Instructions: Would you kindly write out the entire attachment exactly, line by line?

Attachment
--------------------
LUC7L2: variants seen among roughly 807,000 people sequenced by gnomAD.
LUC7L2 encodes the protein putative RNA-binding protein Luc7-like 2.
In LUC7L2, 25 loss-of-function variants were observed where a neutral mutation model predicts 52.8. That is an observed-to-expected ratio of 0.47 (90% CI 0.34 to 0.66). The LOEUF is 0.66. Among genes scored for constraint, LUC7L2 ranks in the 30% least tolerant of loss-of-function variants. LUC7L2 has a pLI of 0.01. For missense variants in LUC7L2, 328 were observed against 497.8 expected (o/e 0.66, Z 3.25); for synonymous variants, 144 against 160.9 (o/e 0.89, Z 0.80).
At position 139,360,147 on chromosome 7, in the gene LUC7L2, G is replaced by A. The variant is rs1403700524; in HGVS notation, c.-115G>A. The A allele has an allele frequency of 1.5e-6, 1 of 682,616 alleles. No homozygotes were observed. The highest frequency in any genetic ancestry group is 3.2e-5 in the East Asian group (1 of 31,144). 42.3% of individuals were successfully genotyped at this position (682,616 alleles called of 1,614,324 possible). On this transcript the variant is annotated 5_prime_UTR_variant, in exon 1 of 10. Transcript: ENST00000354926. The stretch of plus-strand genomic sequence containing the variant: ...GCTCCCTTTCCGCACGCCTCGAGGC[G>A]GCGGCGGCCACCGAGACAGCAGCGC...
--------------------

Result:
LUC7L2: variants seen among roughly 807,000 people sequenced by gnomAD.
LUC7L2 encodes the protein putative RNA-binding protein Luc7-like 2.
In LUC7L2, 25 loss-of-function variants were observed where a neutral mutation model predicts 52.8. That is an observed-to-expected ratio of 0.47 (90% CI 0.34 to 0.66). The LOEUF is 0.66. Among genes scored for constraint, LUC7L2 ranks in the 30% least tolerant of loss-of-function variants. LUC7L2 has a pLI of 0.01. For missense variants in LUC7L2, 328 were observed against 497.8 expected (o/e 0.66, Z 3.25); for synonymous variants, 144 against 160.9 (o/e 0.89, Z 0.80).
At position 139,360,147 on chromosome 7, in the gene LUC7L2, G is replaced by A. The variant is rs1403700524; in HGVS notation, c.-115G>A. The A allele has an allele frequency of 1.5e-6, 1 of 682,616 alleles. No homozygotes were observed. The highest frequency in any genetic ancestry group is 3.2e-5 in the East Asian group (1 of 31,144). 42.3% of individuals were successfully genotyped at this position (682,616 alleles called of 1,614,324 possible). On this transcript the variant is annotated 5_prime_UTR_variant, in exon 1 of 10. Transcript: ENST00000354926. The stretch of plus-strand genomic sequence containing the variant: ...GCTCCCTTTCCGCACGCCTCGAGGC[G>A]GCGGCGGCCACCGAGACAGCAGCGC...